The three Cayman Islands lie just west of Cuba in the Caribbean Sea. Most of the 56,000 inhabitants live on Grand Cayman, where ramshackle housing developments and an untidy jumble of electric lines blight the capital, George Town.
The major tourist resort is Seven Mile Beach, lined with a continuous row of beach bars and multi-story hotels. When several cruise ships come into harbor together, disgorging thousands of passengers, it is time to flee to the quiet outer beaches or the two smaller islands of Little Cayman and Cayman Brac.
All three islands may be well known as tax-free, financial hideaways but there are very few conspicuous displays of wealth and daily life seems focused on the simpler things in life. Given the Caribbean attractions of sun, sea and sand, it comes as no surprise to learn that 18,000 people, or half the working population, actually work in the tourism sector.
T-shirts, shorts and beach sandals are an egalitarian costume for rich and poor alike. Days are spent swimming, snorkeling and diving, or just relaxing by the pool, while evenings start with a drink or two at a beach bar watching the sun go down. I pass my nights with leisurely meals at one of the many restaurants, before retiring to a beach bar where laid-back divers from all over the world talk shop, philosophy and nonsense until the early hours.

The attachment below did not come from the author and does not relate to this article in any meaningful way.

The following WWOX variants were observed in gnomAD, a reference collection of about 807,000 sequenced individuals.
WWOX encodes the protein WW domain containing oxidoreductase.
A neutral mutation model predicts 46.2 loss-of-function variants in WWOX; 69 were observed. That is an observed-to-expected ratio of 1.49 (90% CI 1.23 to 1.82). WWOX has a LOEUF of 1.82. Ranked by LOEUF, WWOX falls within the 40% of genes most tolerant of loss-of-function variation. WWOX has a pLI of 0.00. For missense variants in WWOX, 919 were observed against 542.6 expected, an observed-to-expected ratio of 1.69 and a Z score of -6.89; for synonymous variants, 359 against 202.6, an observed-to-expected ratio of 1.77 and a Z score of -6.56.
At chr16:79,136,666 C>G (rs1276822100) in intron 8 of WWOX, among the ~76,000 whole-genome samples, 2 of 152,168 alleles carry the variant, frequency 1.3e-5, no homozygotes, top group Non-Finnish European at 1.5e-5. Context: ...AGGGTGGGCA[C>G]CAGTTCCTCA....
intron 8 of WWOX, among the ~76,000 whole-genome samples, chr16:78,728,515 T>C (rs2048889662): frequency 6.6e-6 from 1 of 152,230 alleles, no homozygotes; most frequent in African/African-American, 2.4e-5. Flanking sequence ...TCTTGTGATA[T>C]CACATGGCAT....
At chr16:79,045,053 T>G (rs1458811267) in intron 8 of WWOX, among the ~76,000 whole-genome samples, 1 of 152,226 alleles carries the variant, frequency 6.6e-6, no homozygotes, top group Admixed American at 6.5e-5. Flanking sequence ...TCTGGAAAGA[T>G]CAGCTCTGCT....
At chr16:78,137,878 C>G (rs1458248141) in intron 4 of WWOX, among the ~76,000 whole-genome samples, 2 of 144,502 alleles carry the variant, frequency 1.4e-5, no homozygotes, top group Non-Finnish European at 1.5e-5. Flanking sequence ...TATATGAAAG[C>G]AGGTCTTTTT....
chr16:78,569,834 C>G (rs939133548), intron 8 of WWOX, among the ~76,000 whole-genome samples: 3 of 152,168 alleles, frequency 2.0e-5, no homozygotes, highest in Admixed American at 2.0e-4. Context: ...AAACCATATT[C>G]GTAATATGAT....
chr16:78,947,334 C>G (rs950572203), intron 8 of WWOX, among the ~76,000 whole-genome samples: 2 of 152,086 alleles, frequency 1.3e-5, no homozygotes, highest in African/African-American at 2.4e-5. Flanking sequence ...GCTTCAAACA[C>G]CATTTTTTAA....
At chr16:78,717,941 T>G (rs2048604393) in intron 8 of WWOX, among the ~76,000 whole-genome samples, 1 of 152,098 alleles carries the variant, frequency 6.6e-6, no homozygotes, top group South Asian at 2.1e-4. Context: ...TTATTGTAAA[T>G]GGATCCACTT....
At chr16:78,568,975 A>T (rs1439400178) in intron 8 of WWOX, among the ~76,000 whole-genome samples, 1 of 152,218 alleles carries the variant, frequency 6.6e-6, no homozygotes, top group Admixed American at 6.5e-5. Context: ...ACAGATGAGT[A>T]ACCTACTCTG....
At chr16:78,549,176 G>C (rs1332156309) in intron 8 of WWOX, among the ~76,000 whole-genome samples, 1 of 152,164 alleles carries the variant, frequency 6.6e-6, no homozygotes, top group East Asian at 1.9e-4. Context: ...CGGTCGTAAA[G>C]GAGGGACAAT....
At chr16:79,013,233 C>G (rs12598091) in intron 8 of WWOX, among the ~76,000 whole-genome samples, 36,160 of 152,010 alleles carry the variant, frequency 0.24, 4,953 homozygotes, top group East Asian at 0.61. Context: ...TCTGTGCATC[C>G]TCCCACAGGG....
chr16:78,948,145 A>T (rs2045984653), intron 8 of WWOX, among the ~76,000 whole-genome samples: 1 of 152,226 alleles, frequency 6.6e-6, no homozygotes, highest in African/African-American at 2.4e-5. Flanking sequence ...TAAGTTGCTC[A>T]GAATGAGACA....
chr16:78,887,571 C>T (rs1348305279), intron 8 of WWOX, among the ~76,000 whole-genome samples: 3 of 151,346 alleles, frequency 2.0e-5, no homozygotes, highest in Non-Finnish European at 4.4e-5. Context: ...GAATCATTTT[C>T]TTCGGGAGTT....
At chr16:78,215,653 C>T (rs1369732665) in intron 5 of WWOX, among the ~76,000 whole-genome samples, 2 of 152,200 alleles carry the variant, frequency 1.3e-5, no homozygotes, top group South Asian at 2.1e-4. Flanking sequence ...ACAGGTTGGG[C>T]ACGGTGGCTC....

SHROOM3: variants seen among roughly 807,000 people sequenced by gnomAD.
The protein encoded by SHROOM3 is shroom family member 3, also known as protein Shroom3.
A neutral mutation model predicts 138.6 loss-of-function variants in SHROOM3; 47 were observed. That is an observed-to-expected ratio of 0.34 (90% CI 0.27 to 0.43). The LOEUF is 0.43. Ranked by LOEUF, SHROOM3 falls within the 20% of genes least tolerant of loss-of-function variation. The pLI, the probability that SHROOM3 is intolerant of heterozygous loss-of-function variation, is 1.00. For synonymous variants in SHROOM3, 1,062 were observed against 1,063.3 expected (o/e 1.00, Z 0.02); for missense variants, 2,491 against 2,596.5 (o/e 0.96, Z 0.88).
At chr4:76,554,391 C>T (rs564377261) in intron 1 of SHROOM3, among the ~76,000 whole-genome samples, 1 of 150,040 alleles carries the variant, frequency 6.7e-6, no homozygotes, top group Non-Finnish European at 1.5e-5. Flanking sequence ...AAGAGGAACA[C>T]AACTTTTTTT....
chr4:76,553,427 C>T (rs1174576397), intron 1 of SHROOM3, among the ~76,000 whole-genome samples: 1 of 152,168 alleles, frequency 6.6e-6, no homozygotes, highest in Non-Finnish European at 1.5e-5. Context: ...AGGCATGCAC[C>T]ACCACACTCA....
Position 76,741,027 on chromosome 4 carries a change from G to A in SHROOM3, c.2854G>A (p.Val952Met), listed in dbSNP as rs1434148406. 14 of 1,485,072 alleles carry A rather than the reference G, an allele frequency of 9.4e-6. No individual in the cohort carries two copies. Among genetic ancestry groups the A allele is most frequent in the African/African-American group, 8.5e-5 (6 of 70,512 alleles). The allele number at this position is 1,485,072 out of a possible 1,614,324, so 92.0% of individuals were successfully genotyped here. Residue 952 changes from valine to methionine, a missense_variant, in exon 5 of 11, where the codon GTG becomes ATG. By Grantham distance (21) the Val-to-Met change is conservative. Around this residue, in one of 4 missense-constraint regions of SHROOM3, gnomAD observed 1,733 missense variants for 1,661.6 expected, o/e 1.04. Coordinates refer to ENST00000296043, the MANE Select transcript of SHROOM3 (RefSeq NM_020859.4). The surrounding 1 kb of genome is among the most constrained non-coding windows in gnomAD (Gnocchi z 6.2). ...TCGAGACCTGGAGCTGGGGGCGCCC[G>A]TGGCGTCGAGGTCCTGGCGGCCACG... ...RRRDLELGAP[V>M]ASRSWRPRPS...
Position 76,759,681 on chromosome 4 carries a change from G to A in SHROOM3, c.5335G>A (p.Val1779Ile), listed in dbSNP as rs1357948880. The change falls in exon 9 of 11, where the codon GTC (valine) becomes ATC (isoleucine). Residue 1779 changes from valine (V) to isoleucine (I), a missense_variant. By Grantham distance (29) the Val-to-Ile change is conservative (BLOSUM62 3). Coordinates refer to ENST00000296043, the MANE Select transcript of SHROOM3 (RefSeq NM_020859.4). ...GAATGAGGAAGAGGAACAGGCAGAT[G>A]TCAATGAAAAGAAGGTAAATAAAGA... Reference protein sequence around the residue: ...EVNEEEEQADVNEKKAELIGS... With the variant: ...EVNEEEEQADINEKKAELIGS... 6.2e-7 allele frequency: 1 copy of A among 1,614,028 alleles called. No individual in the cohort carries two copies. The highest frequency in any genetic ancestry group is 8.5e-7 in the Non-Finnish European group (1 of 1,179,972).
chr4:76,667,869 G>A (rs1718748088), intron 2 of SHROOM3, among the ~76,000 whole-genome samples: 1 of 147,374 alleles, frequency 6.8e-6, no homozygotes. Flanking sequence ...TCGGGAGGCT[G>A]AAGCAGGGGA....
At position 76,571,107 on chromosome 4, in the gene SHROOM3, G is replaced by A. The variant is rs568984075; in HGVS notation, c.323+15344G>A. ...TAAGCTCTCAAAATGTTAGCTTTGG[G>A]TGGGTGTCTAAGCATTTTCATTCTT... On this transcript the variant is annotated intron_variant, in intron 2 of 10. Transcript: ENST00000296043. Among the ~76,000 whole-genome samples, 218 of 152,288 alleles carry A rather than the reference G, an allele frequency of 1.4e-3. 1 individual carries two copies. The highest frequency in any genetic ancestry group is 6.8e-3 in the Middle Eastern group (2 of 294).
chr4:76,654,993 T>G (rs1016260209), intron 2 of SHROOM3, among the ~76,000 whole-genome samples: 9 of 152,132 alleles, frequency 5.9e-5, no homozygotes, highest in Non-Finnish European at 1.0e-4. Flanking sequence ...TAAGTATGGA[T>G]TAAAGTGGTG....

The chief appeal for non-cruise visitors is the coral reefs starting close to shore amid clear waters that result from the lack of rivers bringing sediment off the land. With visibility down to 30 meters or more, and the variety among the three different islands, you have one of the world’s top dive destinations. The tourist board claims there is a different dive for each day of the year and who is going to start an argument about that – or anything else – in the laidback Caribbean?
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